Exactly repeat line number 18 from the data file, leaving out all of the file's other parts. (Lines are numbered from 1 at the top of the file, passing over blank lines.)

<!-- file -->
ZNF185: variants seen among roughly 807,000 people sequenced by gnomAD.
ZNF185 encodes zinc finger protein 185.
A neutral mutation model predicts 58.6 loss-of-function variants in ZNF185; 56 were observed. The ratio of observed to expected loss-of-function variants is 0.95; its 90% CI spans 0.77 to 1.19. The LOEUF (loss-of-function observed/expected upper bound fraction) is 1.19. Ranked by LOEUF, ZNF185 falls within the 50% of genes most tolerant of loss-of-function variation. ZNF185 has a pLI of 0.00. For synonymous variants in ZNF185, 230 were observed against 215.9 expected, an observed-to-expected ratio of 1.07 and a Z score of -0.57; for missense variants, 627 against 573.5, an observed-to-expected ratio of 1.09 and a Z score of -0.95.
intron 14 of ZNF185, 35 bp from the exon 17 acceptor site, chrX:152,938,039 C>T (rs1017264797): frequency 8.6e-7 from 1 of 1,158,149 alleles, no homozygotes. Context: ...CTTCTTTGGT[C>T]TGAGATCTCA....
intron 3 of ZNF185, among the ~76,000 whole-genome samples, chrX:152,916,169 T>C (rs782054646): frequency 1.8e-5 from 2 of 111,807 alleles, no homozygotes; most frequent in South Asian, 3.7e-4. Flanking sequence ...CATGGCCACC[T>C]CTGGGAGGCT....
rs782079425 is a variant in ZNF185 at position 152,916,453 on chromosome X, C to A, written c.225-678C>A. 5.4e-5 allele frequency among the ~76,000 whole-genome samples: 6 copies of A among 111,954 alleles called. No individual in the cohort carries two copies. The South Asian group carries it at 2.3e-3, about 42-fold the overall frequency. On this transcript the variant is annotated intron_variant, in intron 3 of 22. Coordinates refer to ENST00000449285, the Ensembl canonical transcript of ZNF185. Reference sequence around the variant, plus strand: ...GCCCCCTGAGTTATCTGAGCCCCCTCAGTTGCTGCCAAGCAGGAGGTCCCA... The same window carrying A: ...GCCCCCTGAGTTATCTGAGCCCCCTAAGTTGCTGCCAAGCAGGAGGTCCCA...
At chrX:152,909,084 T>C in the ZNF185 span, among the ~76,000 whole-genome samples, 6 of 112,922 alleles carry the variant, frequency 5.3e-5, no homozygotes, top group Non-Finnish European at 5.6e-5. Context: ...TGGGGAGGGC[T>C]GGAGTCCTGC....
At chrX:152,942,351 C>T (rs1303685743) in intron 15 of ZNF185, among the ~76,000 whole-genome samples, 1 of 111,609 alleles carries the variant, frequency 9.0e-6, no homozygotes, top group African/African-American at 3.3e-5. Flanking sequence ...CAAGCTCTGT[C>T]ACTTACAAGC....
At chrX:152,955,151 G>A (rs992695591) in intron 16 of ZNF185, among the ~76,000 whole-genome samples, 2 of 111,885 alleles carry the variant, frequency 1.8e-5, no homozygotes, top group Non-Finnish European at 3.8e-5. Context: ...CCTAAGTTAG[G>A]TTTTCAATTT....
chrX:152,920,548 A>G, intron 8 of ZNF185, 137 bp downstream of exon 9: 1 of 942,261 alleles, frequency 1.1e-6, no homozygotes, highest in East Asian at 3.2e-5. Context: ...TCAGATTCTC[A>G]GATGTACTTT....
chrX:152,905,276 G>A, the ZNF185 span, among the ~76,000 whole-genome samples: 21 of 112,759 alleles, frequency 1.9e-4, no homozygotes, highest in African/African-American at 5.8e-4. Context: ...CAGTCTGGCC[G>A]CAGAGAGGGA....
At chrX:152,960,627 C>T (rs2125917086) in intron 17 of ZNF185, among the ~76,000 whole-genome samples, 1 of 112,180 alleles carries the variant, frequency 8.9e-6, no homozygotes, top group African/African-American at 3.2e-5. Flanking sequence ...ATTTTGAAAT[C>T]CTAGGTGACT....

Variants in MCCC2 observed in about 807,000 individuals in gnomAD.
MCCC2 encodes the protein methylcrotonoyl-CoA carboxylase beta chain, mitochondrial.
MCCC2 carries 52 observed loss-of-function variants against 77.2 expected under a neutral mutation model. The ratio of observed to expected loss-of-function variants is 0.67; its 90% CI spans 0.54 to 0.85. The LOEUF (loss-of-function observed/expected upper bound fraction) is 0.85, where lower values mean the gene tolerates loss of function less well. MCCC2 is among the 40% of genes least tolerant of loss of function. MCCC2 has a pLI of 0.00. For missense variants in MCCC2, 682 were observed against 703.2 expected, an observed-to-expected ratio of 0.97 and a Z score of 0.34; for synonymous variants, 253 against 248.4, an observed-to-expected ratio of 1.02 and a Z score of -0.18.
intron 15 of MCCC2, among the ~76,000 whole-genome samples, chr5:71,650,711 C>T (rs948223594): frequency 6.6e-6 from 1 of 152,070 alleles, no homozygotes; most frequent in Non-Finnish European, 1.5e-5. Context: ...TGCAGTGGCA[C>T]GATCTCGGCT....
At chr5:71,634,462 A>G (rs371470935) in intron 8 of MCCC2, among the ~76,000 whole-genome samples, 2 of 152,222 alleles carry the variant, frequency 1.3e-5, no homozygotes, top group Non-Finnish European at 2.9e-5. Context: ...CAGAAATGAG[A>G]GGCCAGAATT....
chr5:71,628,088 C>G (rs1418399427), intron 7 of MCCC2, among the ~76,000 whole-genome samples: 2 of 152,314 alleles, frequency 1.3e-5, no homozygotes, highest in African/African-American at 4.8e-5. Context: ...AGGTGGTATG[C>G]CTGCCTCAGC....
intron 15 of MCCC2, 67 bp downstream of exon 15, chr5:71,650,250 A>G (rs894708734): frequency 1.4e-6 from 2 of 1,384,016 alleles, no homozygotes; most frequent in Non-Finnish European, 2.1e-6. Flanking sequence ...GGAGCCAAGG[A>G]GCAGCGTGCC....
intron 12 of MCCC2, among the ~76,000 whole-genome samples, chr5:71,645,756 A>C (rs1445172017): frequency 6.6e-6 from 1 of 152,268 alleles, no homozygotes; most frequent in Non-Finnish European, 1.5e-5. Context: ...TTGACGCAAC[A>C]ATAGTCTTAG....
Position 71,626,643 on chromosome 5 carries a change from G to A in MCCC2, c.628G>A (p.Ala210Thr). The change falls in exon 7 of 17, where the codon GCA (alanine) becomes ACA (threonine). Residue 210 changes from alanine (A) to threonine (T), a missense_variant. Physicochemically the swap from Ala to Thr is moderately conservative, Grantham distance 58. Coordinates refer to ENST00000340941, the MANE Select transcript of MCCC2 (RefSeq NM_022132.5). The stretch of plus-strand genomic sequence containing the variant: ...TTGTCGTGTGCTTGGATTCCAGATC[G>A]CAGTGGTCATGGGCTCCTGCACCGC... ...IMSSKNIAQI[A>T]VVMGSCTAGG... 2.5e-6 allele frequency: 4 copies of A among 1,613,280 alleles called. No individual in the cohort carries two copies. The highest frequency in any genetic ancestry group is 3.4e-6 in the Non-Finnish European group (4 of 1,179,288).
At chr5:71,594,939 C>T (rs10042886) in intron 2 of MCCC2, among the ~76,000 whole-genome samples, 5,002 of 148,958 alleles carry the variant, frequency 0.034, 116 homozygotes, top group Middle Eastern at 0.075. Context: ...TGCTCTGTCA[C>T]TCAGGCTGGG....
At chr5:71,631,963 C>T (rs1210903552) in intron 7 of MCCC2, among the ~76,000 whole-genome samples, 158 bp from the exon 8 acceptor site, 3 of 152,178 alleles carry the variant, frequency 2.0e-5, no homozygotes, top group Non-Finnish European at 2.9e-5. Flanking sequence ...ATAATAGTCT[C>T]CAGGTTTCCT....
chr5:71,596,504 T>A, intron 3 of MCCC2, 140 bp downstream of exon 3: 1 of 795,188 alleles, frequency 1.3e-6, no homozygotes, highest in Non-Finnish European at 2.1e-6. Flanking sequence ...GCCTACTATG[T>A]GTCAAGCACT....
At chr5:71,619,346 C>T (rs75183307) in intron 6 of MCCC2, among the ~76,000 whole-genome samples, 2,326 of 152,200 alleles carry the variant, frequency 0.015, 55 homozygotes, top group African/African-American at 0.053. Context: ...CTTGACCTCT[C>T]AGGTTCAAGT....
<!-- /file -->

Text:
chr5:71,628,088 C>G (rs1418399427), intron 7 of MCCC2, among the ~76,000 whole-genome samples: 2 of 152,314 alleles, frequency 1.3e-5, no homozygotes, highest in African/African-American at 4.8e-5. Context: ...AGGTGGTATG[C>G]CTGCCTCAGC....